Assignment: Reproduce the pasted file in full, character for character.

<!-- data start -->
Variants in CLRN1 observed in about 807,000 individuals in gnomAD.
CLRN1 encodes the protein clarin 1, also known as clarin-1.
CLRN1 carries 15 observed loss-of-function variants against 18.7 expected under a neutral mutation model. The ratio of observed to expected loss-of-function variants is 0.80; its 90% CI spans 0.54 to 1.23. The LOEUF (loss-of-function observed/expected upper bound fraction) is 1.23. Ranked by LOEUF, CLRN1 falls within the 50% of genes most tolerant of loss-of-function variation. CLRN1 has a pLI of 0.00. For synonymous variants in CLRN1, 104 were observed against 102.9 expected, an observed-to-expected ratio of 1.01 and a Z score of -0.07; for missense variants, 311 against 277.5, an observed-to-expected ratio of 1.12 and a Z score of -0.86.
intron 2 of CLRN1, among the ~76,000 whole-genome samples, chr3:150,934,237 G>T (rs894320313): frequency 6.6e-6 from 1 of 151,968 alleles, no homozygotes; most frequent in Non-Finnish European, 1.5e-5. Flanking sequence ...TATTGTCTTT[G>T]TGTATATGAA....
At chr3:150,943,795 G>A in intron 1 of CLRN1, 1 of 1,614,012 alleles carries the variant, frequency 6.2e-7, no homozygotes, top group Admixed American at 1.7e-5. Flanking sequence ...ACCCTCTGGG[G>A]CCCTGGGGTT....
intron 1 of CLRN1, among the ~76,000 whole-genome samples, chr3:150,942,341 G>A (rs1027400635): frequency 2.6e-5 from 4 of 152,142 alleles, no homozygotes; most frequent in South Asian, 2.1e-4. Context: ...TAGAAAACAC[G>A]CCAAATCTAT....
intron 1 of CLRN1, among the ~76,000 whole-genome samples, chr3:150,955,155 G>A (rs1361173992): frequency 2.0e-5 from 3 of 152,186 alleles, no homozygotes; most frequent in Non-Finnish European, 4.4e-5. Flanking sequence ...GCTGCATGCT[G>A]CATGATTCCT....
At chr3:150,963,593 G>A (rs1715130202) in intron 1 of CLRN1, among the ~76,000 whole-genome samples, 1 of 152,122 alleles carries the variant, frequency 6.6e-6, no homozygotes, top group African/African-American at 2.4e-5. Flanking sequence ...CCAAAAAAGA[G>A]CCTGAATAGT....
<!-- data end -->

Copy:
Variants in CLRN1 observed in about 807,000 individuals in gnomAD.
CLRN1 encodes the protein clarin 1, also known as clarin-1.
CLRN1 carries 15 observed loss-of-function variants against 18.7 expected under a neutral mutation model. The ratio of observed to expected loss-of-function variants is 0.80; its 90% CI spans 0.54 to 1.23. The LOEUF (loss-of-function observed/expected upper bound fraction) is 1.23. Ranked by LOEUF, CLRN1 falls within the 50% of genes most tolerant of loss-of-function variation. CLRN1 has a pLI of 0.00. For synonymous variants in CLRN1, 104 were observed against 102.9 expected, an observed-to-expected ratio of 1.01 and a Z score of -0.07; for missense variants, 311 against 277.5, an observed-to-expected ratio of 1.12 and a Z score of -0.86.
intron 2 of CLRN1, among the ~76,000 whole-genome samples, chr3:150,934,237 G>T (rs894320313): frequency 6.6e-6 from 1 of 151,968 alleles, no homozygotes; most frequent in Non-Finnish European, 1.5e-5. Flanking sequence ...TATTGTCTTT[G>T]TGTATATGAA....
At chr3:150,943,795 G>A in intron 1 of CLRN1, 1 of 1,614,012 alleles carries the variant, frequency 6.2e-7, no homozygotes, top group Admixed American at 1.7e-5. Flanking sequence ...ACCCTCTGGG[G>A]CCCTGGGGTT....
intron 1 of CLRN1, among the ~76,000 whole-genome samples, chr3:150,942,341 G>A (rs1027400635): frequency 2.6e-5 from 4 of 152,142 alleles, no homozygotes; most frequent in South Asian, 2.1e-4. Context: ...TAGAAAACAC[G>A]CCAAATCTAT....
intron 1 of CLRN1, among the ~76,000 whole-genome samples, chr3:150,955,155 G>A (rs1361173992): frequency 2.0e-5 from 3 of 152,186 alleles, no homozygotes; most frequent in Non-Finnish European, 4.4e-5. Flanking sequence ...GCTGCATGCT[G>A]CATGATTCCT....
At chr3:150,963,593 G>A (rs1715130202) in intron 1 of CLRN1, among the ~76,000 whole-genome samples, 1 of 152,122 alleles carries the variant, frequency 6.6e-6, no homozygotes, top group African/African-American at 2.4e-5. Flanking sequence ...CCAAAAAAGA[G>A]CCTGAATAGT....